Friday, December 10, 2010

Nobel Prize 101

December 10, 1901, the first Nobel prizes were distributed. Ever wonder what the Nobel prize is all about? Have you seen the controversy surrounding the award to imprisoned Chinese dissident Liu Xiaobo? Here is a primer on the Nobel Prize and the MTSU connection.

Alfred Nobel was a Swedish inventor and industrialist. On his death in 1895 he instructed that his fortune be set aside to fund five annual prizes (in 1969 a sixth award was added) “to those who, during the preceding year, shall have conferred the greatest benefit on mankind.”

  • The six prizes are Physics, Chemistry, Physiology or Medicine, Literature and Peace. The newest prize is in Economics and was established by the Bank of Sweden.
  • The first prizes were distributed 5 years after Nobel's death on December 10, 1901.
  • The prize is a gold medal, a diploma and a sum of money (which changes based on the funds available in the Nobel Foundation).
  • If no worthy candidate is found or if there is some reason that the foundation cannot complete the required research (as in the case of a World War) no prize will be awarded for that year. The Peace prize is the most common award to be withheld. Here is the selection process.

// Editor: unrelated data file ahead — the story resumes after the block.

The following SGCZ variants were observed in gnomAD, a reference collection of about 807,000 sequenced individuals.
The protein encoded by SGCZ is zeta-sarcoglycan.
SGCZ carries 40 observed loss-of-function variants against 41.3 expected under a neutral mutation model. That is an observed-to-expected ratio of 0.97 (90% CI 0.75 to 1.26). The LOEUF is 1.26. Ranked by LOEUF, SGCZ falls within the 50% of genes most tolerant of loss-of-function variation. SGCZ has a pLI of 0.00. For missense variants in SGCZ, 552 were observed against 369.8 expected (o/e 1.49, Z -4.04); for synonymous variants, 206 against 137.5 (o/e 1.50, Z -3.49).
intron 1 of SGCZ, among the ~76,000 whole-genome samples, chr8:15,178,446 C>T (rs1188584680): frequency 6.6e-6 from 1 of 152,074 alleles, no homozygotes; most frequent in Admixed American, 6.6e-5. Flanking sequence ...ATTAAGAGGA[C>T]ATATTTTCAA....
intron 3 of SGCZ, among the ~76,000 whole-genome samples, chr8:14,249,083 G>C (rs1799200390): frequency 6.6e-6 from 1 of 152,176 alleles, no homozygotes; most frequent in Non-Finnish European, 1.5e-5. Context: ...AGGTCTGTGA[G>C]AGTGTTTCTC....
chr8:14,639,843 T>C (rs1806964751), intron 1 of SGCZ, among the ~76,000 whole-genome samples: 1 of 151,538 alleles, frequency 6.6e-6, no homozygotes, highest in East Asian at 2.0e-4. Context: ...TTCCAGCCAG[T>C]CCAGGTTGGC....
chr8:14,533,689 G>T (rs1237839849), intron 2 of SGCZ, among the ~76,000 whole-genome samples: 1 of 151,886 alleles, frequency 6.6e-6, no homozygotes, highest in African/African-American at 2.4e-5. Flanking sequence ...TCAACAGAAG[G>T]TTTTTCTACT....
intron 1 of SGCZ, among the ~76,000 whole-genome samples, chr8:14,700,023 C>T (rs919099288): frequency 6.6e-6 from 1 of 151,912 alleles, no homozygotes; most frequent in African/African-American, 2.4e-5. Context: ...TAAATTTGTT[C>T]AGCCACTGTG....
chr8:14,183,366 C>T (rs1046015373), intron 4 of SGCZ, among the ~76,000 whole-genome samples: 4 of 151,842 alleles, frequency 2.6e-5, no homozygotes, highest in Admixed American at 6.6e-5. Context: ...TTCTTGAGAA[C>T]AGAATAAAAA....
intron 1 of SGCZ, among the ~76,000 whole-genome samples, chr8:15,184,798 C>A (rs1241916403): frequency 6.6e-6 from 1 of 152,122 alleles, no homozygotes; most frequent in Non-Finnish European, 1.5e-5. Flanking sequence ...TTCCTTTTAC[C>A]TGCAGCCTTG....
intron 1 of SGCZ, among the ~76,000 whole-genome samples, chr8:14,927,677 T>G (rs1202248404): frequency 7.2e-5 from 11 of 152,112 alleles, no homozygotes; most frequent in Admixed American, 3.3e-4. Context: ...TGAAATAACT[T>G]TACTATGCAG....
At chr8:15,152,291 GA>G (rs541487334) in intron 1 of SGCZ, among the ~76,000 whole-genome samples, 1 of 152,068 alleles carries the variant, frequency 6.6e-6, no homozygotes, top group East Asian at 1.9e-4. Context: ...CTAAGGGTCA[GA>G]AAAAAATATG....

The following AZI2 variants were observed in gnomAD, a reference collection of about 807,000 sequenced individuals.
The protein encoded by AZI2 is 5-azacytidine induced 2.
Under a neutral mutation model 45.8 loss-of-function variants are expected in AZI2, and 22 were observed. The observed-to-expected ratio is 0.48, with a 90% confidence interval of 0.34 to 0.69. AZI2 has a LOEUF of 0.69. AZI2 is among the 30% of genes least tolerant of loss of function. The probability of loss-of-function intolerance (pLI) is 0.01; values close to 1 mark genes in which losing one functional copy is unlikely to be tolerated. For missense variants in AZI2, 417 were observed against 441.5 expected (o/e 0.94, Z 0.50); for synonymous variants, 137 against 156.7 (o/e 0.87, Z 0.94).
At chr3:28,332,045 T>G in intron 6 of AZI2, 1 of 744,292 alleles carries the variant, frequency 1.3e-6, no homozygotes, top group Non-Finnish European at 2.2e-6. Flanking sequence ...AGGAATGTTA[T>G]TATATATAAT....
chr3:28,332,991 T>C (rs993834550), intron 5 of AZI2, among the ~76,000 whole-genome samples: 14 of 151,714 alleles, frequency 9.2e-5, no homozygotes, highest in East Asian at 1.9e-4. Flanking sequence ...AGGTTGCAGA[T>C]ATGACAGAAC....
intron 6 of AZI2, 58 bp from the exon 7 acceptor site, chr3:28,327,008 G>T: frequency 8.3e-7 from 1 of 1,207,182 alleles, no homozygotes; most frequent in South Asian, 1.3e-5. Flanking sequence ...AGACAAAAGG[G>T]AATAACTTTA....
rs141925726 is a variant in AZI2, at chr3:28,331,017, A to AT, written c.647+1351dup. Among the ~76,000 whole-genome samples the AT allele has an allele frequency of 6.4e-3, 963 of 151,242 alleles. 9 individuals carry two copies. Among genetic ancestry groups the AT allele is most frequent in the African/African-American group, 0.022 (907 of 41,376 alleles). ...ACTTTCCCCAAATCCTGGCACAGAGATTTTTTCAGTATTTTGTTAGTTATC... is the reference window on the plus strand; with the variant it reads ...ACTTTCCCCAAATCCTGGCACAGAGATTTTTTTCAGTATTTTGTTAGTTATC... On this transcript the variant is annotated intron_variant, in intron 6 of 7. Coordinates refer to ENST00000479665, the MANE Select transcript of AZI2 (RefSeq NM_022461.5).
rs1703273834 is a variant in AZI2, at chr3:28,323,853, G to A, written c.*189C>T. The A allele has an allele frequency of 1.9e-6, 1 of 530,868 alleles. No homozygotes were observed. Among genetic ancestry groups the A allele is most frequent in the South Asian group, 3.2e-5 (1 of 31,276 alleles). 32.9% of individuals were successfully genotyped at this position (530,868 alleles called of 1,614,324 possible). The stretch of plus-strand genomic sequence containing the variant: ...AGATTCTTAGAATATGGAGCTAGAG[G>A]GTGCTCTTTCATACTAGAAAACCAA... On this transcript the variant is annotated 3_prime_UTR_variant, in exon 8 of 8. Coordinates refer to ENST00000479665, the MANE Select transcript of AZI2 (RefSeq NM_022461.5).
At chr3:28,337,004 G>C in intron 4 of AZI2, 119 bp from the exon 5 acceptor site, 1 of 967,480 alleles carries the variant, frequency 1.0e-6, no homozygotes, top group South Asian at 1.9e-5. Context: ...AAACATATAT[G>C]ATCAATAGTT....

• Prizes are open to all regardless of nationality, race, creed or ideology.
  • Governments can force individuals to decline the award. Individuals are still awarded the medal and certificate but not the money. They are labeled as a Nobel Laureates with the added remark, “declined the prize”. This will be the case with Chinese Peace prize winner Liu Xiaobo. He will make the fifth Laureate forced by authorities to decline the prize.
  • There have been 840 Laureates, only 41 women
  • The youngest Nobel Laureate thus far is Lawrence Bragg, who was 25 when he received the award for Physics in 1915.
  • The oldest Nobel Laureate thus far is Leonid Hurwicz who was 90 when he received the 2007 Prize in Economic Sciences.
  • The International Committee of the Red Cross has been honored three times.
  • 2010 winners are listed here.

MTSU and Walker Library have their own Nobel connection. Dr. James M. Buchanan is an MTSU alumnus and 1986 winner of the Nobel Prize for Economics. Walker Library has the Buchanan Room, a study space endowed by the Buchanan family. On the Digital Initiatives page we also have a partly completed collection of documents and images following the James Buchanan family. MTSU honors college offers the Buchanan Fellowship, named in honor of Nobel Prize winner. The fellowship is the highest award given to freshman at MTSU.